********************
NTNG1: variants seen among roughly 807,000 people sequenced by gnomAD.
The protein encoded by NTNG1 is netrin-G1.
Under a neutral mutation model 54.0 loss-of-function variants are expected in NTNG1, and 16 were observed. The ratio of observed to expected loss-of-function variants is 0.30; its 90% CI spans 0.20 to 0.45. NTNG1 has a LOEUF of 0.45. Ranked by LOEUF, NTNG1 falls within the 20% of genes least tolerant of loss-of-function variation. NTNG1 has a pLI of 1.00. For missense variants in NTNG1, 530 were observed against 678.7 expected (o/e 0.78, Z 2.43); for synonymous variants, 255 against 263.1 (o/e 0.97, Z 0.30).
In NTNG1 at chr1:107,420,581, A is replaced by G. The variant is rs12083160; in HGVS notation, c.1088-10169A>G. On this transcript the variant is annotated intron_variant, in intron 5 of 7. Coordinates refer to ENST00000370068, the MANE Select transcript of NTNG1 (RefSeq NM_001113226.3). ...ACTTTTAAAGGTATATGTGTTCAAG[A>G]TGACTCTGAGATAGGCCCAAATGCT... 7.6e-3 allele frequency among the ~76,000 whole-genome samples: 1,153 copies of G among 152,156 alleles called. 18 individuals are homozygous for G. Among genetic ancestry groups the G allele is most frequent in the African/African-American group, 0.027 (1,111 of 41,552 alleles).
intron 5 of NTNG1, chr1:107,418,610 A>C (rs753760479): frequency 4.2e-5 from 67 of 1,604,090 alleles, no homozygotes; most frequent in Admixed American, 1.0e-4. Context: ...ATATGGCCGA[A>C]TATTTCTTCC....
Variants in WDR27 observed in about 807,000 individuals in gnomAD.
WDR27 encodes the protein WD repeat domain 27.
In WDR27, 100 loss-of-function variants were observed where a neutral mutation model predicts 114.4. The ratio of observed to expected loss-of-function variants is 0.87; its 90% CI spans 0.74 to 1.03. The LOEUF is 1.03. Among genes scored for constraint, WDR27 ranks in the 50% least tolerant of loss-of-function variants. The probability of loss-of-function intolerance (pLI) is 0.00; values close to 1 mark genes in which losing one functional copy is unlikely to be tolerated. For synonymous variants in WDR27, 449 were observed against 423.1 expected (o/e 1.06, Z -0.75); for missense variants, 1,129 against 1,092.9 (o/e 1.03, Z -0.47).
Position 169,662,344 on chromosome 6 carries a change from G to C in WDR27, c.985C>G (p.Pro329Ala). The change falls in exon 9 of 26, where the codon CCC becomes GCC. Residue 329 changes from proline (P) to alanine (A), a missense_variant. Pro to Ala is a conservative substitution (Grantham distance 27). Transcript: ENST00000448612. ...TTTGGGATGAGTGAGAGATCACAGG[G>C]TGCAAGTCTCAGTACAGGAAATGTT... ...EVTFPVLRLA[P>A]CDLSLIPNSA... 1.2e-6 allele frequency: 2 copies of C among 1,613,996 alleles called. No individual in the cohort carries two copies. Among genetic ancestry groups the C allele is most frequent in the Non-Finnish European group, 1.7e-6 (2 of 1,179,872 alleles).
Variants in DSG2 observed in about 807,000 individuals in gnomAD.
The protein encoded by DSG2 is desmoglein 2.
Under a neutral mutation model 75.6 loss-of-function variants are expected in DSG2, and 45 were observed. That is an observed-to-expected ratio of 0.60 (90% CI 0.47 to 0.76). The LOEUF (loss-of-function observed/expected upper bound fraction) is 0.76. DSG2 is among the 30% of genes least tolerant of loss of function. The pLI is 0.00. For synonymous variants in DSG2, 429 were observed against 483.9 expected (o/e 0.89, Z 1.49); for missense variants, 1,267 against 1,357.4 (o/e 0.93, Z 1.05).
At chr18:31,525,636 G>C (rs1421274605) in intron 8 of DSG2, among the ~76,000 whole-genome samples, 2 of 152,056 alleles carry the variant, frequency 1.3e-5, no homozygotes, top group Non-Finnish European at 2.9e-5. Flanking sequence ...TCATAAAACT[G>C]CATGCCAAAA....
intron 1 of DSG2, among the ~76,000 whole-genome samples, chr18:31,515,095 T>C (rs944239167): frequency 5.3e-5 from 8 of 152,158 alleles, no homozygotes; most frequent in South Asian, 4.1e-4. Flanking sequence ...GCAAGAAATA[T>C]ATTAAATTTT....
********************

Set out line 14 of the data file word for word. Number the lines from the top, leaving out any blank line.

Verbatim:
intron 1 of DSG2, among the ~76,000 whole-genome samples, chr18:31,515,095 T>C (rs944239167): frequency 5.3e-5 from 8 of 152,158 alleles, no homozygotes; most frequent in South Asian, 4.1e-4. Flanking sequence ...GCAAGAAATA[T>C]ATTAAATTTT....